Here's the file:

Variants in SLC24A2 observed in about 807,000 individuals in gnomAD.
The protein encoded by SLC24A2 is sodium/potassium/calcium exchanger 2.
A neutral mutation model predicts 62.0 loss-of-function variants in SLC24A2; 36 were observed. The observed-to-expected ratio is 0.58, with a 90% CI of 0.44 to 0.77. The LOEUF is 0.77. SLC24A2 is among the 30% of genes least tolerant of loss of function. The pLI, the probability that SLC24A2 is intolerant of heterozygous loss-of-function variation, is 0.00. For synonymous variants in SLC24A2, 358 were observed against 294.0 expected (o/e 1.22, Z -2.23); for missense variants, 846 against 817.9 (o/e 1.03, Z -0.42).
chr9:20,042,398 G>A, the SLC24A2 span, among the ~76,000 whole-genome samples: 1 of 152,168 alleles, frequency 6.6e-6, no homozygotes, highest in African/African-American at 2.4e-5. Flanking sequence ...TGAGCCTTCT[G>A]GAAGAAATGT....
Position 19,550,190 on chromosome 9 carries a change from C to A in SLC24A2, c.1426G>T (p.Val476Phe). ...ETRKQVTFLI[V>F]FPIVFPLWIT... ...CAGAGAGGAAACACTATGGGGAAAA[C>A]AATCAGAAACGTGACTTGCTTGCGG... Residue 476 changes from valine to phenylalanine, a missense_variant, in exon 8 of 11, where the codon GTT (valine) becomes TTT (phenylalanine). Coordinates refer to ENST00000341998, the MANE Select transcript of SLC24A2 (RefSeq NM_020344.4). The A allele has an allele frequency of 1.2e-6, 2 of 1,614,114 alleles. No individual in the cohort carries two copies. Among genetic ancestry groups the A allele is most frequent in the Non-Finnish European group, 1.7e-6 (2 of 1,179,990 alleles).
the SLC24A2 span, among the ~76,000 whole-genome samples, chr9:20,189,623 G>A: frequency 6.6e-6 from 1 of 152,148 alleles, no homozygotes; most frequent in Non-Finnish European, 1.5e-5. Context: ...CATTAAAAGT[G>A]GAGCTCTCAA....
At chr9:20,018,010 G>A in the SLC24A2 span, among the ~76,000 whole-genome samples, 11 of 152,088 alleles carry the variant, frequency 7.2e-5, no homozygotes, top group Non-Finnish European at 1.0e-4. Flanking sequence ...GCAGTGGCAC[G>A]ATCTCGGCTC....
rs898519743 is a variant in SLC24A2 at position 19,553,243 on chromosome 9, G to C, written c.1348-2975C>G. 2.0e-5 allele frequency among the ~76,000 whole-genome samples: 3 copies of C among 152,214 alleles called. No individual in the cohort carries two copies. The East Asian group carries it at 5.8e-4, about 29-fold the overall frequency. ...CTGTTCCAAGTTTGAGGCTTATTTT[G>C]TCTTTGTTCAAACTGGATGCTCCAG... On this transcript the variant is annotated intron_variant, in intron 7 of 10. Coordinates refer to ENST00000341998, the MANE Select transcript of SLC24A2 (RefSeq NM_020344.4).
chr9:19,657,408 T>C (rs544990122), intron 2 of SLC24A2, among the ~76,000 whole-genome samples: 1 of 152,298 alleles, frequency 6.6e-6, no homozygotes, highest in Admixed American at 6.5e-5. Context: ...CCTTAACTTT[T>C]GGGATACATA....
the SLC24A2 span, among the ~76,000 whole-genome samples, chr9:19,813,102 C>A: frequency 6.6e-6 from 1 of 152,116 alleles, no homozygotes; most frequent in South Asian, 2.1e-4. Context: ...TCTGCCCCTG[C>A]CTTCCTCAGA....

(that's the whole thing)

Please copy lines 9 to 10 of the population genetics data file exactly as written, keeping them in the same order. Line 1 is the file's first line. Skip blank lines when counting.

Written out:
chr9:19,657,408 T>C (rs544990122), intron 2 of SLC24A2, among the ~76,000 whole-genome samples: 1 of 152,298 alleles, frequency 6.6e-6, no homozygotes, highest in Admixed American at 6.5e-5. Context: ...CCTTAACTTT[T>C]GGGATACATA....
the SLC24A2 span, among the ~76,000 whole-genome samples, chr9:19,813,102 C>A: frequency 6.6e-6 from 1 of 152,116 alleles, no homozygotes; most frequent in South Asian, 2.1e-4. Context: ...TCTGCCCCTG[C>A]CTTCCTCAGA....